I just had an uncomfortable, nigh unto Orwellian, thought come to me just now on the subject of free speech that I am repulsed by, but also am finding it difficult to argue against from a Lutheran perspective. This rogue idea came to me while reading what Frank (fws) wrote on another thread this morning (“Hobbes vs. Burke”) about Old Adam, Divine Law and how God has set lawful Authorities over us to _compel_ the unwilling to do what is virtuous. Frank argues (or it seems to me he does) that God has not set civil authority over us with the charge that it ensure the greatest amount of liberty for individuals; He rather sets civil authority over us to _prevent_ our liberty from running amok and working against the greater good of a (relatively) peaceful and just society. If I may expand on Frank’s idea, Old Adam, naturally, wants to rebel against this authority and anything that might get in the way of getting what he wants, but that’s where the sword comes in–lawful authorities are permitted (even required) to use force to curb wickedness. All this seems to me to be straight up First Use of the Law, and Luther’s Two Kingdom theology.

    In other words, from a _Lutheran_ perspective, I can’t find much to fault this line of reasoning. But please, please, find Frank’s comments on the other thread and read them for yourself. Maybe I’m missing something here.

    But as a U.S. citizen who enjoys the blessing of liberty, and especially First Amendment rights which protect free speech, I see a problem here that appears to be inherent in Lutheran theology: how should Christian react if the lawful authorities declare certain types of speech to be “wicked,” and therefore propose to curb wickedness (First Use) by limiting free speech?

    I know this would violate our Constitution, so I guess we’re safe for the time being, but as a Lutheran, look what I’m relieved to be “safe” from: civil authority using the sword to curb my Old Adam from saying any fool thing he wants to. I’m actually glad, or at least my fleshly Old Adam is, that in our country we reign back our government from doing in theory our theology says God has given them to do.

    This is a very troubling problem for me. In the context of this thread, is the YouTube video a stupidly dangerous thing to post? Has the movie trailer incited violence, and is it likely to incite more, costing not only more lives but untold thousands of dollars? Yes, without a doubt. Was the individual responsible for posting this incendiary video doing it primarily to indulge his Old Adam? We don’t have to pretend to read hearts or minds, we can look at the results and judge this example of free speech, seeing it probably didn’t come form noble motives. And irrespective of his motives, his free speech became the catalyst for an international crisis. In light of all this, should civil authorities call this particular exercise of free speech wicked? And to curb wickedness, should the civil authority use the sword to make Google take it down?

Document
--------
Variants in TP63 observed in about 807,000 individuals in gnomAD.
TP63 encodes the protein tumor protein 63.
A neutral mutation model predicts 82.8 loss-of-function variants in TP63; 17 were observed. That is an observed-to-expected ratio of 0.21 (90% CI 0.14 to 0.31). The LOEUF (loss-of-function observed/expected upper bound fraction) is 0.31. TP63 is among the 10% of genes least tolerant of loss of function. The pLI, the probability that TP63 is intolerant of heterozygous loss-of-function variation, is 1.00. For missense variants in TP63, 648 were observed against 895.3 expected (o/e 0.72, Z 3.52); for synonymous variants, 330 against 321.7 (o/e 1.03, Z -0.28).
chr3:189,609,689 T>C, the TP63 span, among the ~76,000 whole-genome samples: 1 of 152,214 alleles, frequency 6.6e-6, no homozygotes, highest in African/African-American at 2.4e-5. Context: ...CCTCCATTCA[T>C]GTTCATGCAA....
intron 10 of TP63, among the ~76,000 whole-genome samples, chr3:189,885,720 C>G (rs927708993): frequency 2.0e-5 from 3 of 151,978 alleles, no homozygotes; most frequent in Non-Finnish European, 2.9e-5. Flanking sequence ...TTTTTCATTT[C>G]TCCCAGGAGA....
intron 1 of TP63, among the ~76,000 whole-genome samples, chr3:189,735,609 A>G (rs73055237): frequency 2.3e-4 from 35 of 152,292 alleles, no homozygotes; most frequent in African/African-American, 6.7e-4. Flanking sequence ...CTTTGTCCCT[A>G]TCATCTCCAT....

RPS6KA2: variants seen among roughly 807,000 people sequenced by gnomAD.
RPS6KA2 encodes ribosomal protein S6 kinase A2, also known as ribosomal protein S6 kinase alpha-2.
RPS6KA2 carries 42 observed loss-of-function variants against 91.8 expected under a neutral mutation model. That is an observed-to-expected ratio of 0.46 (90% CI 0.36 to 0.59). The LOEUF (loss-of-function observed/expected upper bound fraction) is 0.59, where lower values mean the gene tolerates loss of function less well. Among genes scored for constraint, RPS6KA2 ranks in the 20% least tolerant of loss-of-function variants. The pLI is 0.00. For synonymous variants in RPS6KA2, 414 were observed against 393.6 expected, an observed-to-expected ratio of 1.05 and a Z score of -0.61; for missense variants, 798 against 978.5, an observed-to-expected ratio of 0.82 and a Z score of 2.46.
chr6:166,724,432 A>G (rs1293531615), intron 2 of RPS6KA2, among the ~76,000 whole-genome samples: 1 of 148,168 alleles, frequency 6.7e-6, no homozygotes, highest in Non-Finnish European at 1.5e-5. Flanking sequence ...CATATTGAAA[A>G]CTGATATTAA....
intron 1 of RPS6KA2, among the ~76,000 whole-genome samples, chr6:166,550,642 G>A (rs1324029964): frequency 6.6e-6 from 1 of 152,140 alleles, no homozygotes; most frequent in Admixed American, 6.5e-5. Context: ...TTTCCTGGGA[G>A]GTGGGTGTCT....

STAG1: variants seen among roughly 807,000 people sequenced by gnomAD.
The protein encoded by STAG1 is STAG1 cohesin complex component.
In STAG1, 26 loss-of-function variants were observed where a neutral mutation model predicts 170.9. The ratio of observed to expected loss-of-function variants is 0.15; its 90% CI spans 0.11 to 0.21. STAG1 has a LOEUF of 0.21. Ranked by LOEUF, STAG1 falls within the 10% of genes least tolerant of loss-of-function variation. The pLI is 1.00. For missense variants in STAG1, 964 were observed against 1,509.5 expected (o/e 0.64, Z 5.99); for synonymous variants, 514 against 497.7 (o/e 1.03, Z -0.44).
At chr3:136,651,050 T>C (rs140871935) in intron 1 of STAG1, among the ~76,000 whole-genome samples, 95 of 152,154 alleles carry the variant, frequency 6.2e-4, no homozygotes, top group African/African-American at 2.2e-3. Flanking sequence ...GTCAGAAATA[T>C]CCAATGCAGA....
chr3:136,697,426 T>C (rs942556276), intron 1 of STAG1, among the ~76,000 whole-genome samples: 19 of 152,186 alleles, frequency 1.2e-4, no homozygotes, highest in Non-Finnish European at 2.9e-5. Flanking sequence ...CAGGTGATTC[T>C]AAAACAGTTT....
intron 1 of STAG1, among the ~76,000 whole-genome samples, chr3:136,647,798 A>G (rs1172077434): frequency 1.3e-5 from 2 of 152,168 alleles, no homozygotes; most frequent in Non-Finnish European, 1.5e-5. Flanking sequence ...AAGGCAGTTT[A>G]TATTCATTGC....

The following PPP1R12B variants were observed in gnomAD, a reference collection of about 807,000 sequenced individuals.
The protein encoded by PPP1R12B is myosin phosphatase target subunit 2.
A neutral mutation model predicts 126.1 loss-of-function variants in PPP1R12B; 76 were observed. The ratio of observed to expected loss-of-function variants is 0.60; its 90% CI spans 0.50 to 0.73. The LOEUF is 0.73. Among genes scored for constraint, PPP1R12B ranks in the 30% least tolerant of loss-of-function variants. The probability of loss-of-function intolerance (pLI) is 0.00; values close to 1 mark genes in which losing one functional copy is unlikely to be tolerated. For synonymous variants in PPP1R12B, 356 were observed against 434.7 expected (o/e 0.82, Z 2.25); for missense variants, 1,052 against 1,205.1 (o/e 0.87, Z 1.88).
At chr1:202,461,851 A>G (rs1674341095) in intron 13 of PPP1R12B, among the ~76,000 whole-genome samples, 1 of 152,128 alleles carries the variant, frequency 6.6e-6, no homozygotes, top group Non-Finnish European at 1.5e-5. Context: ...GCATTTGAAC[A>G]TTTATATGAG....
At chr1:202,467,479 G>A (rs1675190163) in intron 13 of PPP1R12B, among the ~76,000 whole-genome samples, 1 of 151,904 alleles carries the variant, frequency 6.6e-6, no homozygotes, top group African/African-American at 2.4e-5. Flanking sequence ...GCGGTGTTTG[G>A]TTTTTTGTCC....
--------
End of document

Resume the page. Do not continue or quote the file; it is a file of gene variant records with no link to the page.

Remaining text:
Of course, once we cross that line, who knows where we’ll end up? What would there be then to prevent the government from deciding the exercise of free speech on this blog needing some curbing as well? I fully appreciate the Orwellian implications of letting government go after Old Adam to _force_ him to be virtuous. If God indeed intended to delegate that kind of authority to human governments, our Bill of Rights seems to say that WE the people have taken away some of that delegated authority.

    So is our Lutheran theology in need of correction? Or is our nation’s Constitution manifestly working against the Divine Order? Should our freedom of speech be limited, and not just voluntarily by a Christian conscience, but with the power of the State? Is that what we want? I don’t think so, but that may just be my Old Adam talking. Truly, who’s got a handle on this?

  • Other Gary

    I just had an uncomfortable, nigh unto Orwellian, thought come to me just now on the subject of free speech that I am repulsed by, but also am finding it difficult to argue against from a Lutheran perspective. This rogue idea came to me while reading what Frank (fws) wrote on another thread this morning (“Hobbes vs. Burke”) about Old Adam, Divine Law and how God has set lawful Authorities over us to _compel_ the unwilling to do what is virtuous. Frank argues (or it seems to me he does) that God has not set civil authority over us with the charge that it ensure the greatest amount of liberty for individuals; He rather sets civil authority over us to _prevent_ our liberty from running amok and working against the greater good of a (relatively) peaceful and just society. If I may expand on Frank’s idea, Old Adam, naturally, wants to rebel against this authority and anything that might get in the way of getting what he wants, but that’s where the sword comes in–lawful authorities are permitted (even required) to use force to curb wickedness. All this seems to me to be straight up First Use of the Law, and Luther’s Two Kingdom theology.